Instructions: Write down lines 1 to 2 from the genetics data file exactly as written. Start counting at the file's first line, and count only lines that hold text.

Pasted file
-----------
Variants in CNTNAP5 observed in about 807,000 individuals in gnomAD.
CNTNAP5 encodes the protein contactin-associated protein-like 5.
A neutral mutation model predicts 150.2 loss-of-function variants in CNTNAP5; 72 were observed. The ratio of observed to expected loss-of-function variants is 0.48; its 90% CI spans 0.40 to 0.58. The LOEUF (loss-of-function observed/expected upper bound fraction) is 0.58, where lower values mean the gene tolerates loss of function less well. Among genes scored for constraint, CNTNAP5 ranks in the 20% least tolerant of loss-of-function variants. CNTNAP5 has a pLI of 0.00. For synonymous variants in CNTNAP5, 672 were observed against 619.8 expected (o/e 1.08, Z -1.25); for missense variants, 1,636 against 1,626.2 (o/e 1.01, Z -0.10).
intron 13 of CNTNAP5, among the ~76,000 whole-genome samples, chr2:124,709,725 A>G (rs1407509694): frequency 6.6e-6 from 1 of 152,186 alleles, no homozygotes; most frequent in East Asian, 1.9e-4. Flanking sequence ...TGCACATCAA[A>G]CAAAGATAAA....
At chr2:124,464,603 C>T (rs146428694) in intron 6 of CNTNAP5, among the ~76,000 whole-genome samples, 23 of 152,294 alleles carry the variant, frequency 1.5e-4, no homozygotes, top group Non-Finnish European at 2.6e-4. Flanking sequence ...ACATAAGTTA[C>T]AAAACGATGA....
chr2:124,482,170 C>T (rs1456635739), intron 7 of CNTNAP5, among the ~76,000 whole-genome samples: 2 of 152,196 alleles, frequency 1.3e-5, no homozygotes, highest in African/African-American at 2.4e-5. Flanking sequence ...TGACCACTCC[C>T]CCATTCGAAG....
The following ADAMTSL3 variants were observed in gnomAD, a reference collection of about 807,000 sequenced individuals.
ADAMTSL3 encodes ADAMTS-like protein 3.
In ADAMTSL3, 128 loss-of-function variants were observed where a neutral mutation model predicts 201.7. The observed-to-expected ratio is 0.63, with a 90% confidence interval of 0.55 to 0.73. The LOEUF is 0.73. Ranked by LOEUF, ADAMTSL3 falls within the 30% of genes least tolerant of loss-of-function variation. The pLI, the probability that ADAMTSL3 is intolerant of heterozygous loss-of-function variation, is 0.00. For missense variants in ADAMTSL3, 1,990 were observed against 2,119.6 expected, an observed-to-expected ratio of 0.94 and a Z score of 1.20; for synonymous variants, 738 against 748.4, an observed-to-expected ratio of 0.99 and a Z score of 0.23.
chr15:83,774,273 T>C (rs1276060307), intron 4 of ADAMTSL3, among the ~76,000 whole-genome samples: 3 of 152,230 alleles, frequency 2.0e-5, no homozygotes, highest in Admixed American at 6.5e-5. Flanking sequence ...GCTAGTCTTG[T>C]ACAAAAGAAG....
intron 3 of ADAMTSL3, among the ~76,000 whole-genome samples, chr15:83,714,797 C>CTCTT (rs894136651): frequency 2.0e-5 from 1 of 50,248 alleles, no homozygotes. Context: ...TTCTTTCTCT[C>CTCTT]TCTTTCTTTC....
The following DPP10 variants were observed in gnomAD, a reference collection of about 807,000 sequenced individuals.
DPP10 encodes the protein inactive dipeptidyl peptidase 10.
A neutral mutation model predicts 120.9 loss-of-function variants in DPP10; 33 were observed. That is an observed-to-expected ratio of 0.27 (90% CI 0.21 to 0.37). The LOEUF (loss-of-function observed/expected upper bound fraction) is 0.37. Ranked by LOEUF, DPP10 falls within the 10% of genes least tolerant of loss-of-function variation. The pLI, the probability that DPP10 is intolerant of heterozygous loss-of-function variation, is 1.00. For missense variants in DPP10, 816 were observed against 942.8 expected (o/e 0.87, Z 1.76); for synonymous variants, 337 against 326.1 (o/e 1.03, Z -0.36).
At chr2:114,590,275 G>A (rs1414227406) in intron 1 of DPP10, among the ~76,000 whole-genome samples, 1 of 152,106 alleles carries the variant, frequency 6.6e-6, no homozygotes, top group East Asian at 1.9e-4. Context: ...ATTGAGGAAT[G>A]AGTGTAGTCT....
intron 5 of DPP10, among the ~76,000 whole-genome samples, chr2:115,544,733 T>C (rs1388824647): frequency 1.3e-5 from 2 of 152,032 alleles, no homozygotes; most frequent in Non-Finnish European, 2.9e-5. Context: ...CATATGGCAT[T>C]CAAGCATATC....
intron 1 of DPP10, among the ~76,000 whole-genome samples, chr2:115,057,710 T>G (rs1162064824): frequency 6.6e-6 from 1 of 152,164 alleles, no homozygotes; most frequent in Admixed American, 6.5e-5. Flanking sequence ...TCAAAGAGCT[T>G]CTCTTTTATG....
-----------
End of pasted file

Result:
Variants in CNTNAP5 observed in about 807,000 individuals in gnomAD.
CNTNAP5 encodes the protein contactin-associated protein-like 5.